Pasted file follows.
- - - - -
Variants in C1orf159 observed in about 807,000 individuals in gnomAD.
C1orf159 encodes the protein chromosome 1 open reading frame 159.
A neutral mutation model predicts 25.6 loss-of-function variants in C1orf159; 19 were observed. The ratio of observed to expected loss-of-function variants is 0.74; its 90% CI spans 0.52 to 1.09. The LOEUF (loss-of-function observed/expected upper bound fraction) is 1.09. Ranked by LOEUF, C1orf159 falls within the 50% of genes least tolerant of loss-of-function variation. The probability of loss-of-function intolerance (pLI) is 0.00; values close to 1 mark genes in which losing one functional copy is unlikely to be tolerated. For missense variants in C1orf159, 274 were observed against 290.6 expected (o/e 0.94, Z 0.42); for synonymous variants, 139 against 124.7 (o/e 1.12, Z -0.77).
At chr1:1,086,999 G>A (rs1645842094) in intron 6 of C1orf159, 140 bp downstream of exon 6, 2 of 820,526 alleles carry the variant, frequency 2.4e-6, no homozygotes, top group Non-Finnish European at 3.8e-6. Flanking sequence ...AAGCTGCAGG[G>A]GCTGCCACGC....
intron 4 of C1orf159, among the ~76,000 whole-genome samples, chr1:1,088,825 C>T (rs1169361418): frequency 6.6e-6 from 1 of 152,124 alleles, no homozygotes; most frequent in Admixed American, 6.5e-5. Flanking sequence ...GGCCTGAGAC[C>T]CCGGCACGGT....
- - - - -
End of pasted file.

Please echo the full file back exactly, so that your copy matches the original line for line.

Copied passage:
Variants in C1orf159 observed in about 807,000 individuals in gnomAD.
C1orf159 encodes the protein chromosome 1 open reading frame 159.
A neutral mutation model predicts 25.6 loss-of-function variants in C1orf159; 19 were observed. The ratio of observed to expected loss-of-function variants is 0.74; its 90% CI spans 0.52 to 1.09. The LOEUF (loss-of-function observed/expected upper bound fraction) is 1.09. Ranked by LOEUF, C1orf159 falls within the 50% of genes least tolerant of loss-of-function variation. The probability of loss-of-function intolerance (pLI) is 0.00; values close to 1 mark genes in which losing one functional copy is unlikely to be tolerated. For missense variants in C1orf159, 274 were observed against 290.6 expected (o/e 0.94, Z 0.42); for synonymous variants, 139 against 124.7 (o/e 1.12, Z -0.77).
At chr1:1,086,999 G>A (rs1645842094) in intron 6 of C1orf159, 140 bp downstream of exon 6, 2 of 820,526 alleles carry the variant, frequency 2.4e-6, no homozygotes, top group Non-Finnish European at 3.8e-6. Flanking sequence ...AAGCTGCAGG[G>A]GCTGCCACGC....
intron 4 of C1orf159, among the ~76,000 whole-genome samples, chr1:1,088,825 C>T (rs1169361418): frequency 6.6e-6 from 1 of 152,124 alleles, no homozygotes; most frequent in Admixed American, 6.5e-5. Flanking sequence ...GGCCTGAGAC[C>T]CCGGCACGGT....